An empty home may be a flat, dwelling, house or house in multiple occupation which is privately owned and is unoccupied.

A long-term empty home may be a flat, dwelling house or house in multiple occupations that is privately owned and unoccupied for six months or more.

Not all empty properties brought to our attention fall within the categories described above, such as commercial properties. 

However, we may make further enquiries to assist in resolving issues of concern or to provide advice on better using such a property. 

North Norfolk District Council has a severe housing shortage due to a growing population and limited opportunity to develop land for additional housing. For this reason, the Council is committed to encouraging owners to bring unoccupied properties back into use.

Why empty homes matter

There are too many homes lying empty

Latest offical Government data on long-term empty homes shows that over 238,000 homes in England have been empty for over six months. In all, over 600,000 homes are currently vacant.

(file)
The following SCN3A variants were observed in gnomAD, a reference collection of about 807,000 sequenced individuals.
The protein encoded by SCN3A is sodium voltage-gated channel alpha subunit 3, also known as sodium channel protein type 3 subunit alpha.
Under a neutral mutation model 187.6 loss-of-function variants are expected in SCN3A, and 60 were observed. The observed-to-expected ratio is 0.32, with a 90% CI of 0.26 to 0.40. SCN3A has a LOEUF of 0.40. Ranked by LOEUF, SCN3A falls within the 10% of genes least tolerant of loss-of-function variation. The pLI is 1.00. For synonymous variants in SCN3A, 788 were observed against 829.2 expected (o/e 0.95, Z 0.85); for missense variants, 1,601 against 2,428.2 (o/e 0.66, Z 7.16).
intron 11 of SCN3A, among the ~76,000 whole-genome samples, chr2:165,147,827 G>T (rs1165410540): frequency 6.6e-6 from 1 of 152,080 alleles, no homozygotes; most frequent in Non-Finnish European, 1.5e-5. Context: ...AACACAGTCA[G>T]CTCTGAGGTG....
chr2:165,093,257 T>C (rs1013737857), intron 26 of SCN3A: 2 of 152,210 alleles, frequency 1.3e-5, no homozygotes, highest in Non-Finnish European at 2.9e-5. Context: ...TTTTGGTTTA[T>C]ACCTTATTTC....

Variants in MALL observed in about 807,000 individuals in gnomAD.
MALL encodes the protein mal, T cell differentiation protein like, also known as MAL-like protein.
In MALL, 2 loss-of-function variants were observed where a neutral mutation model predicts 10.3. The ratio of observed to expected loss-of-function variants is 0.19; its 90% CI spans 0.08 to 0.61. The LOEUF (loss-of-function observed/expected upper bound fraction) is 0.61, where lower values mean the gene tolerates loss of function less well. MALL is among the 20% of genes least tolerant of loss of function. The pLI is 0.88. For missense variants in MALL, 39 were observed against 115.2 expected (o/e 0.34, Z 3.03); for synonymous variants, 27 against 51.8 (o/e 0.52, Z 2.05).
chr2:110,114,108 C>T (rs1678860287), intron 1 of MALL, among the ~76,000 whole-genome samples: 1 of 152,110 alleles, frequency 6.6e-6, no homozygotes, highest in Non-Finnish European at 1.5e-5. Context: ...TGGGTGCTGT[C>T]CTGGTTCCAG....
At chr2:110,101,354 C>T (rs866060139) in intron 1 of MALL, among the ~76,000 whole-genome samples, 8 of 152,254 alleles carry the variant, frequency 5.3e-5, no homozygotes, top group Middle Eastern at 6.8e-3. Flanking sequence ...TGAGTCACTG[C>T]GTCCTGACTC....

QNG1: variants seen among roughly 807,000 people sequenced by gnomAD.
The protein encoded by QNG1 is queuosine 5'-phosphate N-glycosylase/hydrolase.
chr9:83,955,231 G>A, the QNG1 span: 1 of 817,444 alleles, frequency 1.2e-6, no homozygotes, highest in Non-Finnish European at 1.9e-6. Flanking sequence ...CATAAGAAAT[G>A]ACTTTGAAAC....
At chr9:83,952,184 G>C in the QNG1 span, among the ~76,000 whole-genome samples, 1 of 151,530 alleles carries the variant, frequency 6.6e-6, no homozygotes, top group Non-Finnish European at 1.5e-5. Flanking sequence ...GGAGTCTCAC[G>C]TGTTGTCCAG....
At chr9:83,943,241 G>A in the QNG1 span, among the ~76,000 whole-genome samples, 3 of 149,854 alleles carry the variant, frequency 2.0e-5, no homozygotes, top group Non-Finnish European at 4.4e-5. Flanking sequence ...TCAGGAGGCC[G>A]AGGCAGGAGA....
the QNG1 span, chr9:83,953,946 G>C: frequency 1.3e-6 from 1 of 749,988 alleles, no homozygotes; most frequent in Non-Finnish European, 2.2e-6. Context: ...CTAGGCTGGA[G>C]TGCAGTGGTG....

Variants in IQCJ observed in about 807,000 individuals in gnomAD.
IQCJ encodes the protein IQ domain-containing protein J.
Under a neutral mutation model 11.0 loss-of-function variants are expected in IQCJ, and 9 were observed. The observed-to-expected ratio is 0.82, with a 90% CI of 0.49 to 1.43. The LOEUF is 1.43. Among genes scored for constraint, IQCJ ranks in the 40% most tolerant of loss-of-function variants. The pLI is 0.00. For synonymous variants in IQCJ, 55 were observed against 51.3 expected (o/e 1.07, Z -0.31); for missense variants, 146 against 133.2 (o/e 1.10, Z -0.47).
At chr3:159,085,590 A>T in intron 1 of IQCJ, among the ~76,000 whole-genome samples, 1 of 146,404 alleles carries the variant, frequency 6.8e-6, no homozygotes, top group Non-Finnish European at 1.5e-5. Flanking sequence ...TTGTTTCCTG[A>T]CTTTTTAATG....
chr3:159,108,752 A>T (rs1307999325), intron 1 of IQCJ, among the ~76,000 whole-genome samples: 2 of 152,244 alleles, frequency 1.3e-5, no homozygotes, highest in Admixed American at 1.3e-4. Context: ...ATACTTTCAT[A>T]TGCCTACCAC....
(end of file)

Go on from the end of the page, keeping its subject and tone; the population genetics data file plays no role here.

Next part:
Add in over 67,000 holiday lets and 253,000 second homes, and the total number of vacant homes is around a million, meaning that across England, 1 in every 25 homes is without residents.

Leaving homes empty is a waste

We cannot afford to waste such properties. In England, 100,000 families are often trapped in poor-quality, insecure temporary accommodation that does not meet the standards required of the permanent, secure social housing these families are entitled to.

Bringing empty homes into use helps neighbourhoods

There are neighbourhoods with clusters of empty homes. Dealing with empty homes in these areas should be part of broader neighbourhood initiatives that start from the perspective of the issues people face who reside in these neighbourhoods. 

Communities can rebuild, but while councils can help and support this, the Government should also empower them and must urgently invest in them. 

It makes environmental sense

Creating homes from empty properties saves substantial material compared to building new homes. It minimises the amount of land used for development and avoids wasting embedded carbon, helping to combat climate change.